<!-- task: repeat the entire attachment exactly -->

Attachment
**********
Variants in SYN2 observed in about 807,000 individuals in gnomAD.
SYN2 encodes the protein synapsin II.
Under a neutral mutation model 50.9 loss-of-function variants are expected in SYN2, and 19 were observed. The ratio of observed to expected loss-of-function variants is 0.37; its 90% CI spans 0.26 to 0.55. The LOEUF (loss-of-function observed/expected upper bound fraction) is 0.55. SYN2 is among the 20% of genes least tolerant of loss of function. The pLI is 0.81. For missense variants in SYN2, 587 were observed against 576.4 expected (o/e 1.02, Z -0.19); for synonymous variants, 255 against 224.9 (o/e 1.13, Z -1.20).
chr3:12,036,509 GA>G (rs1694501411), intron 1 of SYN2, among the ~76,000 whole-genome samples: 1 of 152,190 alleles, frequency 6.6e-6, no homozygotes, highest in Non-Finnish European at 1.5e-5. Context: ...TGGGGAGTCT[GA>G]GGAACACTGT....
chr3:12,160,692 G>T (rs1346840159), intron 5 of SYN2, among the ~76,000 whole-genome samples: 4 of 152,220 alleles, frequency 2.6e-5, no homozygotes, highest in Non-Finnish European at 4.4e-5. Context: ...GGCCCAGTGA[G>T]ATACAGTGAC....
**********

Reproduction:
Variants in SYN2 observed in about 807,000 individuals in gnomAD.
SYN2 encodes the protein synapsin II.
Under a neutral mutation model 50.9 loss-of-function variants are expected in SYN2, and 19 were observed. The ratio of observed to expected loss-of-function variants is 0.37; its 90% CI spans 0.26 to 0.55. The LOEUF (loss-of-function observed/expected upper bound fraction) is 0.55. SYN2 is among the 20% of genes least tolerant of loss of function. The pLI is 0.81. For missense variants in SYN2, 587 were observed against 576.4 expected (o/e 1.02, Z -0.19); for synonymous variants, 255 against 224.9 (o/e 1.13, Z -1.20).
chr3:12,036,509 GA>G (rs1694501411), intron 1 of SYN2, among the ~76,000 whole-genome samples: 1 of 152,190 alleles, frequency 6.6e-6, no homozygotes, highest in Non-Finnish European at 1.5e-5. Context: ...TGGGGAGTCT[GA>G]GGAACACTGT....
chr3:12,160,692 G>T (rs1346840159), intron 5 of SYN2, among the ~76,000 whole-genome samples: 4 of 152,220 alleles, frequency 2.6e-5, no homozygotes, highest in Non-Finnish European at 4.4e-5. Context: ...GGCCCAGTGA[G>T]ATACAGTGAC....